We were one of the first agencies that specialised in building presentations. My husband was a technical illustrator — he could look at a device and draw it photo realistically at a time when people used to use black electrical tape and exacto knives to plot charts and turn them into stats. So when I started pitching to people that we could do that on a computer and make it look photorealistic, it generated a lot of interest.
And then, in ’93, once we had gotten into the C suite and gotten into some of the really big brands here in Silicon Valley, one of the most significant things happened: Apple had a massive layoff. It was terrible for them, but great for my business. All my clients that had been with Apple were scattered across Silicon Valley, and they joined other organisations. So that was a big benefit to us.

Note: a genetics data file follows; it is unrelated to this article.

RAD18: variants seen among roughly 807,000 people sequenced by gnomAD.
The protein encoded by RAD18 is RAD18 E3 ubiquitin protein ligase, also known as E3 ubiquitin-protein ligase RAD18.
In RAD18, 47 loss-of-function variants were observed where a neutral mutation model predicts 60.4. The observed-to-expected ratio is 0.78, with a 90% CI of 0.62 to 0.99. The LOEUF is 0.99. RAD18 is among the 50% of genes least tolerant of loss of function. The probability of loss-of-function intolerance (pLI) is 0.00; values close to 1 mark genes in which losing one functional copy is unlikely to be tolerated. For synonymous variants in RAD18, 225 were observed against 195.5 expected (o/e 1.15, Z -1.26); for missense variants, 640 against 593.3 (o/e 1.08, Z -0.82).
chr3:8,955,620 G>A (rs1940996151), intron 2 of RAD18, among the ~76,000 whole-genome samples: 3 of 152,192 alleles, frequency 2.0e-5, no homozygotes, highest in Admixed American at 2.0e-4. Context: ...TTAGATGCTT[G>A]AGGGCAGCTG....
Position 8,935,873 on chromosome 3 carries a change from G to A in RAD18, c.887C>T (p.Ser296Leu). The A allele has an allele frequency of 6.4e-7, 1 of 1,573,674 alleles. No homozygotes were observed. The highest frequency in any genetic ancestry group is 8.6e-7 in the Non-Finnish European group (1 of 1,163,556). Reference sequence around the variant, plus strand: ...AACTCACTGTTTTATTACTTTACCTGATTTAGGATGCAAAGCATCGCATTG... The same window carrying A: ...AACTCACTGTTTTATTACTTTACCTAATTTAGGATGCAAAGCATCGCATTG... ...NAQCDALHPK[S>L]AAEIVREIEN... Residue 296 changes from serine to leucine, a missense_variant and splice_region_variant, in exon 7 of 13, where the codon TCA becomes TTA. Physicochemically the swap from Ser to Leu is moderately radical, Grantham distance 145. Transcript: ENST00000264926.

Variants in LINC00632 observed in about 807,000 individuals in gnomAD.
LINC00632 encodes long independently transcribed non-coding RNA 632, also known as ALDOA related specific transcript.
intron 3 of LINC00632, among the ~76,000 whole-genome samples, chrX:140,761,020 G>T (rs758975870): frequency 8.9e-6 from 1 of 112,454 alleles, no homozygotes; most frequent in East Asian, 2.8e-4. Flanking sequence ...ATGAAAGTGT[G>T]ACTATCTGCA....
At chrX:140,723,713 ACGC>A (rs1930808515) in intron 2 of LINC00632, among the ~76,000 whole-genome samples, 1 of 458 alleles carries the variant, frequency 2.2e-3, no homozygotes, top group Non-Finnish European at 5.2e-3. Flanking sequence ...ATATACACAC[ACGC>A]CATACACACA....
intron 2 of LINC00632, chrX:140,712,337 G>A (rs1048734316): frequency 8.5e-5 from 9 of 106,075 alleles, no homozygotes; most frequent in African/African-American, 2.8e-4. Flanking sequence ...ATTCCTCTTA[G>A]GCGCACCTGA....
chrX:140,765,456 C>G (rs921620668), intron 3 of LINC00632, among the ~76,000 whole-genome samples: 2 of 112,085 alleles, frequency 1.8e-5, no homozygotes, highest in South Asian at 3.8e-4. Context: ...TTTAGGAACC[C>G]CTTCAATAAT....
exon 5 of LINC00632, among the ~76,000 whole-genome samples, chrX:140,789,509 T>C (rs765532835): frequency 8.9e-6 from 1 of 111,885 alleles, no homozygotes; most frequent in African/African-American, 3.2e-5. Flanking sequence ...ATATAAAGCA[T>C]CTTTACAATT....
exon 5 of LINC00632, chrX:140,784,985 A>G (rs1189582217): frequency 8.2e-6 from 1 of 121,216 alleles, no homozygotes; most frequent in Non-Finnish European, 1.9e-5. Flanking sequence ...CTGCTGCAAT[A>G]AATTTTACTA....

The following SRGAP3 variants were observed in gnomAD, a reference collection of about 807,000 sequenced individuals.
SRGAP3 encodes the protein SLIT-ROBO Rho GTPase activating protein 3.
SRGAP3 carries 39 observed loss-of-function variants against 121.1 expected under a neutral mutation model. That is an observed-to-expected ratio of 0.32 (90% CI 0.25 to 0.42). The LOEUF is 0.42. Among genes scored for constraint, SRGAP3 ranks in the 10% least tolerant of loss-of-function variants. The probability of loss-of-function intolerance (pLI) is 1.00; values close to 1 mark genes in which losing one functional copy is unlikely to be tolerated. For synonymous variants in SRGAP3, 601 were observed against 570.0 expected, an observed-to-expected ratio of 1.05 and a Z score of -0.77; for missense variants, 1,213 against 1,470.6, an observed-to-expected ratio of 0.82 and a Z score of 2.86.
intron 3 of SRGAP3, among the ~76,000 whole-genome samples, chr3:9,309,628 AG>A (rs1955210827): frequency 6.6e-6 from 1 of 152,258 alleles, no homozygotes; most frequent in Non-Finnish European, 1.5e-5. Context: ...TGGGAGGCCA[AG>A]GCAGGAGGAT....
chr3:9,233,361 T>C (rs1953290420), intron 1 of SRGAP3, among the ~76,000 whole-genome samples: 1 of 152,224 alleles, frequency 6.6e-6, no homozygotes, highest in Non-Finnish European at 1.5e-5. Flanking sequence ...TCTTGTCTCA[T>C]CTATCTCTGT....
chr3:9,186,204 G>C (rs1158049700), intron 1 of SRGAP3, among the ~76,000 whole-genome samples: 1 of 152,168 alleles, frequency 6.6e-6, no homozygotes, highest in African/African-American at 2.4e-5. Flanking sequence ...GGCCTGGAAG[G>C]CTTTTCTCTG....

It sounds like you credit a lot of this to you being in the right place at the right time, but there's obviously much more to it than that.
Yes, there is. Being an entrepreneur certainly isn't for the weak. When my kids were small, and the business was exploding, I only got one REM cycle a night. I would sleep for four hours on average. I don't recommend that — now I sleep eight to nine hours every night — but it's what I had to do so that I could be a mother and build a business at the same time. So it was not without sacrifice. There were a lot of skinned knees and learned lessons along the way.
Your company is now one of the largest employers of female talent in Silicon Valley. How important is that to you, and what do you think it does for the perception and direction of the Duarte brand?
I'm very proud of how diverse we are, and we're working on becoming even more diverse. Currently, we are 47 per cent BIPOC (black, indigenous, and other people of colour) and 67 per cent female, and that's really fantastic. In fact, one of our clients is on the Fortune Five Hundred, and they said that we are in the top 10% in diversity out of all of their suppliers.